Review: Orthodox, by Dorothea Gerard
by Rich Horton
Dorothea Gerard was born in Scotland in 1855. Her father was a Colonel, and maternal grandfather a somewhat notable inventor, Sir John Robison. She spent several years in Austria as a child, and upon her mother's death in 1870, moved there again to live with her sister, who had married a Polish cavalry officer. The two sisters began collaborating on novels in 1877, and had some success with Reata and The Waters of Hercules and other books, written as by "E. D. Gerard". (Emily also published non-fiction, notably a couple of books about Transylvania, and its legends, which are said to have inspired Bram Stoker when he wrote Dracula.) Dorothea also married a military man, an Austrian officer who eventually became a Major General, and was given the title "Longard de Longgarde", so that some of Dorothea's later novels were published as by "Dorothea Longard de Longgarde".
Dorothea largely stopped collaborating with her sister upon her marriage; and she was a very prolific author in her own right. Her novels were often, not surprisingly, set in Eastern Europe where she lived; though she always wrote in English. According to Wikipedia, her later books often were published by the German firm Tauchnitz, and marketed to English travelers and expatriates. She died in 1915, having lived in seclusion for many years after the death of her husband and her sister.
Her novels often seem to have been romances, apparently set among the Eastern European upper classes. She was politically conservative, but had a reputation for addressing controversial subjects, in particular prejudices across divides of class, nationality, and ethnicity, and also antisemitism. This is interesting in the context of the novel at hand.
Orthodox opens "I propose to tell the story of how my friend and comrade, Rudolph von Ortenegg, fell into the hands of the Jews ..." This did not seem terribly promising. The narrator is a 23 year old Polish officer in the Austro-Hungarian army, stationed in Poland. His friend Rudolph is the only son of an old German aristocrat, and he grew up in near isolation, so his social skills are minimal, and he has some ideas that the narrator thinks are foolish. Among these is disgust at the mistreatment of the local Jews -- which disgust the narrator finds shocking, for in his view why shouldn't one treat vermin like vermin.
Things get worse when, by chance, they encounter an astonishingly beautiful young Jewish woman, Salome. Before long Rudolph is smitten, and so too, it seems, is Salome. Against his friend's advice, Rudolph and Salome begin to plot a way for them to marry -- which of course will involve Salome converting to Catholicism. Naturally her family are aghast at the thought of this (and so too will Rudolph's father be) -- their only ally is Salome's spunky younger sister Surchen. But Rudolph manages to spirit Salome away to a nearby convent. All seems to be going well -- but Salome's father has different plans.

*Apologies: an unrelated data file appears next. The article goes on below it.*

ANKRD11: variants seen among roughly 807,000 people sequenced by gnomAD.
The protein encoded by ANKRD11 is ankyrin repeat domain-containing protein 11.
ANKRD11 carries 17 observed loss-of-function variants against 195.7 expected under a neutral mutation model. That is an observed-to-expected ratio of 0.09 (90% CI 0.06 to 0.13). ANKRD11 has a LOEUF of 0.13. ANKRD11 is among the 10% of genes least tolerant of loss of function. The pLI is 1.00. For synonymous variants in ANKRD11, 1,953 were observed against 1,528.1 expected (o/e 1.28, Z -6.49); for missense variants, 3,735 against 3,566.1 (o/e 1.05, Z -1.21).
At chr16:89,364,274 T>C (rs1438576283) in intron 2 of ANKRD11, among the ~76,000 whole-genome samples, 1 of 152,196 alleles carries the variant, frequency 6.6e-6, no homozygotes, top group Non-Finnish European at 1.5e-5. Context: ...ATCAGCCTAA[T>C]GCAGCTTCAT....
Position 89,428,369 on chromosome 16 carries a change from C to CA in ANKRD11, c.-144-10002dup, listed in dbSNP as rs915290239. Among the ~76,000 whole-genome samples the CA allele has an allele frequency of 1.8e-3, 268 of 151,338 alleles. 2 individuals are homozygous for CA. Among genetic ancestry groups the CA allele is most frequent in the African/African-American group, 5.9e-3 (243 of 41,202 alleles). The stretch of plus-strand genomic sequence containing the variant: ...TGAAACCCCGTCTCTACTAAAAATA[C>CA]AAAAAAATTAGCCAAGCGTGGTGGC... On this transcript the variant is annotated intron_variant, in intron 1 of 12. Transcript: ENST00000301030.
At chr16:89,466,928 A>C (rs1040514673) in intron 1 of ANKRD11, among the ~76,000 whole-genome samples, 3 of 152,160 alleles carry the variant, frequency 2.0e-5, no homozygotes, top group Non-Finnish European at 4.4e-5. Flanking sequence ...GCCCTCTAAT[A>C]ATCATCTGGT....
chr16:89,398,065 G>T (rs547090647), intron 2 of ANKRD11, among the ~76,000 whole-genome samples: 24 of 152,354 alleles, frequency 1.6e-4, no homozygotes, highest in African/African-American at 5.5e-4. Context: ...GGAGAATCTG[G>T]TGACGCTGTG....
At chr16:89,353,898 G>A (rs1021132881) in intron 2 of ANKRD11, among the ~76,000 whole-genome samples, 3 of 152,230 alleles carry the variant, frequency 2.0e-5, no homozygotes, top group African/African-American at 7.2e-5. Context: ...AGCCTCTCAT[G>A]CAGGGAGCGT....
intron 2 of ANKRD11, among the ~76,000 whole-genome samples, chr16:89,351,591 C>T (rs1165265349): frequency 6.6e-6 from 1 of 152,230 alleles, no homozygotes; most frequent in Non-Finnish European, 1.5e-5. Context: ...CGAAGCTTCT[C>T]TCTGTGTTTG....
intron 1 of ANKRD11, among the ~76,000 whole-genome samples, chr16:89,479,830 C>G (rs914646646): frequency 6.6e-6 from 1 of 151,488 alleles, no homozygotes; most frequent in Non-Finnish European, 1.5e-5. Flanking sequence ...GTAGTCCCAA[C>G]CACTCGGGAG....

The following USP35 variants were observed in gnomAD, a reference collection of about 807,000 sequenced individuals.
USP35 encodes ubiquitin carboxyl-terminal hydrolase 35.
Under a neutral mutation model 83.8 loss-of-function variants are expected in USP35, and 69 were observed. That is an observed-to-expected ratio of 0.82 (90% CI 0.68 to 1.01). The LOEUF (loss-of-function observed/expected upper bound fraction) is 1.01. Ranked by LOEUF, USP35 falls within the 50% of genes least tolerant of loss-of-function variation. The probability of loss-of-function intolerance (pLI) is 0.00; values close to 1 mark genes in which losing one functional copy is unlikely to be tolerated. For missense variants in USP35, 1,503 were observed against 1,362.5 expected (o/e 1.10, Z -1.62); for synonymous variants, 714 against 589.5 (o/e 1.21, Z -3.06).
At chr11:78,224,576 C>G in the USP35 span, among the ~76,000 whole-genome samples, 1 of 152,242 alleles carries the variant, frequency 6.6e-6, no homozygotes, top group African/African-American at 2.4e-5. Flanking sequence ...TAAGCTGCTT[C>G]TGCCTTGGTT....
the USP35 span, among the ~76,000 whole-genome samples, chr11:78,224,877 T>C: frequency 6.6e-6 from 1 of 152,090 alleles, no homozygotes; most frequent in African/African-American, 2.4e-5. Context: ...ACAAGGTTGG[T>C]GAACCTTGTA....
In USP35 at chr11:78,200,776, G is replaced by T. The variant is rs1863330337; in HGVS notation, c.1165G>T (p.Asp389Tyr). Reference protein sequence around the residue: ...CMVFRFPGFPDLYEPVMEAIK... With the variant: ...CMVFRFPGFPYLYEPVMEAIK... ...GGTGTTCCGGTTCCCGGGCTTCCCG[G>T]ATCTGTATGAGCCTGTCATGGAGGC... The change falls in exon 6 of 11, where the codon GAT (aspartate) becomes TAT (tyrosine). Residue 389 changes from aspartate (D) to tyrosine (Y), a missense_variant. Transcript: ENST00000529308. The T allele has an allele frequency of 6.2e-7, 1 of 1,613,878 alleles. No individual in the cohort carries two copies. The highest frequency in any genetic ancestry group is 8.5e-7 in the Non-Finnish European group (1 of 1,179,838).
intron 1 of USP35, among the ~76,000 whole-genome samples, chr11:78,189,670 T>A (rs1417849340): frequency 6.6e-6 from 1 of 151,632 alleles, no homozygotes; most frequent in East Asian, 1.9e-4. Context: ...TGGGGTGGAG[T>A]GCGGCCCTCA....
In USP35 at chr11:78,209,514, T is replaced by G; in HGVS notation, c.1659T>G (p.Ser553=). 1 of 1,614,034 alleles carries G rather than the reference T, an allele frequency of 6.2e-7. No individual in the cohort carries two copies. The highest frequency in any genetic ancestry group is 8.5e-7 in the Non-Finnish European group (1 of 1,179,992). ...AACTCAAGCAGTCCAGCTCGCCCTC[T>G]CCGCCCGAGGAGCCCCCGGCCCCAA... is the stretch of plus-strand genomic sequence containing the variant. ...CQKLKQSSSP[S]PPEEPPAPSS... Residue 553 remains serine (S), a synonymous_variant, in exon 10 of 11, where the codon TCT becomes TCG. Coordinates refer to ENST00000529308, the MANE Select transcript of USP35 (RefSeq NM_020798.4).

As I've described this, it seems nice enough, and arguably a somewhat "anti-antisemitism" book. But -- it's not, really. (Maybe it is relative to many of Gerard's contemporaries, I suppose.) Although Rudolph is quite sincere in his belief that the abusive behavior of the Polish Christians towards Jews is terrible, his primary motive for improving their lot is to convert them. And the book itself -- and its narrator -- lean in a wholly unchallenged way fully into the most offensive descriptions of the Jewish characters. They are all money grubbers, and sinisterly clever, and dishonest. Salome's sister Surchen is perhaps the most appealing character in the book -- she is as I said spunky, and quite intelligent -- but she is depicted as doing everything she does to make a bit of money. There are constant slurs as to hygiene and so on; and even the praise of some of them (for example, of Salome's beauty) is heavily tinged with Orientalist cliches. Add to that the character of Salome herself -- she is weak and really sort of a cipher -- Rudolph appears to care only about her looks. I don't know how accurate Gerard's depiction of Orthodox Jewish customs in Poland at the time is -- perhaps it is quite accurate, and as such the women seem quite oppressed -- only, I think the same could likely be said about Christian women in Poland in that era.
All in all, not a book I can recommend. I will say that Gerard could write, and with considerable wit. I dare say some of her other novels might be more palatable, but this one was -- well, offensive is the main thing.